While my newest poems detail my own experiences as an African-American male in the United States, I am eager for opportunities that will allow the time and resources necessary to research the lives and perspectives of those who first reported on the AIDS pandemic to our nation. To that end, I am interested in creating verse narratives surrounding two network anchors from the late 1970s and early 1980s. At this point in my career, the NEA means time and resources.
Track 5: Summertime
as performed by Janis Joplin
God's got his eye on me, but I ain't a sparrow.
I'm more like a lawn mower . . .no, a chainsaw,
Anything that might mangle each manicured lawn
In Port Arthur, a place I wouldn't return to
If the mayor offered me every ounce of oil
My daddy cans at the refinery. My voice, I mean,
Ain't sweet. Nothing nice about it. It won't fly
Even with Jesus watching. I don't believe in Jesus.
The Baxter boys climbed a tree just to throw
Persimmons at me. The good and perfect gifts
From above hit like lightning, leave bruises.
So I lied--I believe, but I don't think God
Likes me. The girls in the locker room slapped
Dirty pads across my face. They called me
Bitch, but I never bit back. I ain't a dog.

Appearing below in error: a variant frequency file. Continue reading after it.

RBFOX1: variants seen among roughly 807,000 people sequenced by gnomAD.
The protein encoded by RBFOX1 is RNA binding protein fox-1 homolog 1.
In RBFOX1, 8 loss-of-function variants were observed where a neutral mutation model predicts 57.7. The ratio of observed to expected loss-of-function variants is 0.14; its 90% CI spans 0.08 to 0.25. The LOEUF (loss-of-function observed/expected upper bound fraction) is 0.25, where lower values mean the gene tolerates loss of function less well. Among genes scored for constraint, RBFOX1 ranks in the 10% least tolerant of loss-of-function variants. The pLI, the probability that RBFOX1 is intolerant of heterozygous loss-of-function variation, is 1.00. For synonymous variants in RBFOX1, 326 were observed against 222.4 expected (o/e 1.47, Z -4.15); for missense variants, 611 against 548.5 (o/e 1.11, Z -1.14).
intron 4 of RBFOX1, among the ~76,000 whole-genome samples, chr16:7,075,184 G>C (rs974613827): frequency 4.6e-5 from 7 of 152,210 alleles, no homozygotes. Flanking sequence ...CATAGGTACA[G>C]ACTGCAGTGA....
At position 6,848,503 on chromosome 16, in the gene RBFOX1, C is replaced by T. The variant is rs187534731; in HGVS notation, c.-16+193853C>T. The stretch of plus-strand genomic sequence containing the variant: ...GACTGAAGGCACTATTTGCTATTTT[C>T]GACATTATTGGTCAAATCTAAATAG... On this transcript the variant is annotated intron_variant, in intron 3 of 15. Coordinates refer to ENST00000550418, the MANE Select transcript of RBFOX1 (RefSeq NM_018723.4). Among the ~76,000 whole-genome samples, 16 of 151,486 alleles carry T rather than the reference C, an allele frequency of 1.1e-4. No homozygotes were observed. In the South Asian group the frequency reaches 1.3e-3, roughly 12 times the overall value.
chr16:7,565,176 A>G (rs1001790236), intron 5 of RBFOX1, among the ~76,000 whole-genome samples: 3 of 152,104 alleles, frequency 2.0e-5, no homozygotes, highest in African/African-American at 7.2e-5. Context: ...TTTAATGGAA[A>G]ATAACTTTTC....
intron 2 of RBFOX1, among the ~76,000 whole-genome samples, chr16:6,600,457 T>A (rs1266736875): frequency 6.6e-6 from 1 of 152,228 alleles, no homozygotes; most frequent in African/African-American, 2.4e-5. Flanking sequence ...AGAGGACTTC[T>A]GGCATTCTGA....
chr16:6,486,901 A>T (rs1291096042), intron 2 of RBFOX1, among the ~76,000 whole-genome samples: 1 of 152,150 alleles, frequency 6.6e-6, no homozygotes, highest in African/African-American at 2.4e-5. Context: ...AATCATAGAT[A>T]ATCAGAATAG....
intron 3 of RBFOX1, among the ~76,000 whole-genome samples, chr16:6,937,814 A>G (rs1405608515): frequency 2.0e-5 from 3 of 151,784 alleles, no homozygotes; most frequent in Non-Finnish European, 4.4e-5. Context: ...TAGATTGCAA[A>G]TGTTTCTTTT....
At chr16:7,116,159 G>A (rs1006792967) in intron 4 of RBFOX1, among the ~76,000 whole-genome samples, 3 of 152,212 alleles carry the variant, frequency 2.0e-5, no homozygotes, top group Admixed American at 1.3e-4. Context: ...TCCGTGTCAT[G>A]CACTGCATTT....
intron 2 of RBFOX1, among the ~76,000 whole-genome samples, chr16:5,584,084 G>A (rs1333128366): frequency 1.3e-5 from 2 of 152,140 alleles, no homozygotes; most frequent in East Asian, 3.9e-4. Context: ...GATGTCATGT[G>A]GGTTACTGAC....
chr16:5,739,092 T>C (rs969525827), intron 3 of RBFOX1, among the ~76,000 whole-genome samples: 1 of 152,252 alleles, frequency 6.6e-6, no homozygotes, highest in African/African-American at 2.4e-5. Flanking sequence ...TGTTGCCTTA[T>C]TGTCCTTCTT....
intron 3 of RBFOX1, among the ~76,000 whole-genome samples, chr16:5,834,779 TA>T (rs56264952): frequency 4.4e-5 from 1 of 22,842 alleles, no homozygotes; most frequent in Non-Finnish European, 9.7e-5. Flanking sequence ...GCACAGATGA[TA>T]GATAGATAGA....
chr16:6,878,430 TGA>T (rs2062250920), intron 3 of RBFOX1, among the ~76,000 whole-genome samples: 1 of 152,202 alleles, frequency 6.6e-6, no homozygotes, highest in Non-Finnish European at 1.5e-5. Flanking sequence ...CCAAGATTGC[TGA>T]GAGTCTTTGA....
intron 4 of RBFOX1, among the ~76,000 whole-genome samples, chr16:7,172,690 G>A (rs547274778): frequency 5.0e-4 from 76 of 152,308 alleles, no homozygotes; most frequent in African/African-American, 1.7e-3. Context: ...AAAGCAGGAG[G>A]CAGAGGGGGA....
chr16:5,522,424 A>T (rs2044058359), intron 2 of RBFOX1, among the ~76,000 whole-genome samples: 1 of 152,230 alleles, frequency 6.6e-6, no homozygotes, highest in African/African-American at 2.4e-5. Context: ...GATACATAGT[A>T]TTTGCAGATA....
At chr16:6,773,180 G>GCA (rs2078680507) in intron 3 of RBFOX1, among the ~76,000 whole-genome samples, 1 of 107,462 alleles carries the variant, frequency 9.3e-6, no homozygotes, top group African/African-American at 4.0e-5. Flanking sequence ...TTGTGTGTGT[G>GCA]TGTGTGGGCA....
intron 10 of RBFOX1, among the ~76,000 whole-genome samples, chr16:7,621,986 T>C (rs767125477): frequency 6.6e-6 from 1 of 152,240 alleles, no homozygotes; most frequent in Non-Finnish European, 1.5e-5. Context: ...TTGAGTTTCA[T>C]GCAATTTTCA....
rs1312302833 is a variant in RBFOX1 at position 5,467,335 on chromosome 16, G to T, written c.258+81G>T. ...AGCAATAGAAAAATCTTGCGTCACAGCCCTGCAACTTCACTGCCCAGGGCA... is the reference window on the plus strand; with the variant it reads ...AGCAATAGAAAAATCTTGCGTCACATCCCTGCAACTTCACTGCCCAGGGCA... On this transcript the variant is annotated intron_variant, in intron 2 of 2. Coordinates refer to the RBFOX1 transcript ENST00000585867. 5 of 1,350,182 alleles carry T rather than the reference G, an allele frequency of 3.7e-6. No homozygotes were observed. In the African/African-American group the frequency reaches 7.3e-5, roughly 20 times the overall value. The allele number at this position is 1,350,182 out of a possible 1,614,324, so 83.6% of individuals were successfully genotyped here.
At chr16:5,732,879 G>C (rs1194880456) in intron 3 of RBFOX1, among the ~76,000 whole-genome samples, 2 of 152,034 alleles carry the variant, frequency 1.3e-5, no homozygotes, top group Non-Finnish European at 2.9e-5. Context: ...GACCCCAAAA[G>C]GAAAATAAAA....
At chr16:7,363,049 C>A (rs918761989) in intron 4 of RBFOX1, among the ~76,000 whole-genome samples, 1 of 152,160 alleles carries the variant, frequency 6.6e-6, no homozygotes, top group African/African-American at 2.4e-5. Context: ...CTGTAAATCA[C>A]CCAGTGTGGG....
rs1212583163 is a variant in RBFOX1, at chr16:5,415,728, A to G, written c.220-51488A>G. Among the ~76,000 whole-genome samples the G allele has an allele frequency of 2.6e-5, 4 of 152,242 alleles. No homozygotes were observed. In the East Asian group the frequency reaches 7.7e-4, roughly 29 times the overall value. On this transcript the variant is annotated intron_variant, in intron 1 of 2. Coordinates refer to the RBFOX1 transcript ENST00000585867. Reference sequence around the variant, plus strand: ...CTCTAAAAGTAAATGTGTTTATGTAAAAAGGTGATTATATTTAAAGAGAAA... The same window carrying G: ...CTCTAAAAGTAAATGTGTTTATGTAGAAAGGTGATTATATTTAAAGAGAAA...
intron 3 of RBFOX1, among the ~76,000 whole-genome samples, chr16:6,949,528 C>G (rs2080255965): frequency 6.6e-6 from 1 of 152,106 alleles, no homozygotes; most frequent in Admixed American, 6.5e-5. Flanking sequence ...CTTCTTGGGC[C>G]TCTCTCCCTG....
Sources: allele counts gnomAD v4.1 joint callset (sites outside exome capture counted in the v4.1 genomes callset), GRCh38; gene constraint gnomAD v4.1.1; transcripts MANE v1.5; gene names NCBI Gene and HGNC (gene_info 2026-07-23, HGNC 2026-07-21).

Chainsaw, I say. My voice hacks at you. I bet
I tear my throat. I try so hard to sound jagged.
I get high and say one thing so many times
Like Willie Baker who worked across the street--
I saw some kids whip him with a belt while he
Repeated, Please. School out, summertime
And the living lashed, Mama said I should be
Thankful, that the town's worse to coloreds
Than they are to me, that I'd grow out of my acne.
God must love Willie Baker--all that leather and still
A please that sounds like music. See.
I wouldn't know a sparrow from a mockingbird.
The band plays. I just belt out, Please. This tune
Ain't half the blues. I should be thankful.
I get high and moan like a lawn mower
So nobody notices I'm such an ugly girl.
I'm such an ugly girl. I try to sing like a man
Boys call, boy. I turn my face to God. I pray. I wish
I could pour oil on everything green in Port Arthur.
Jericho Brown's first collection of poetry, Please (New Issues Press, 2008), won the 2009 American Book Award. Brown is the recipient of a fellowship from the Radcliffe Institute at Harvard University and a Whiting Writer's Award. He has also received two travel fellowships to the Krakow Poetry Seminar in Poland. His poems appear in magazines including Oxford American, Ploughshares, and A Public Space, and in anthologies such as The 100 Best African American Poems. Jericho Brown grew up in Louisiana and worked as a speechwriter for the mayor of New Orleans before earning his PhD in Literature and Creative Writing from the University of Houston. He also holds an MFA. in creative writing from the University of New Orleans and a BA from Dillard University. He teaches Creative Writing as an assistant professor of English at the University of San Diego and is currently working on his second collection of poetry, The New Testament.
Photo by John Lucas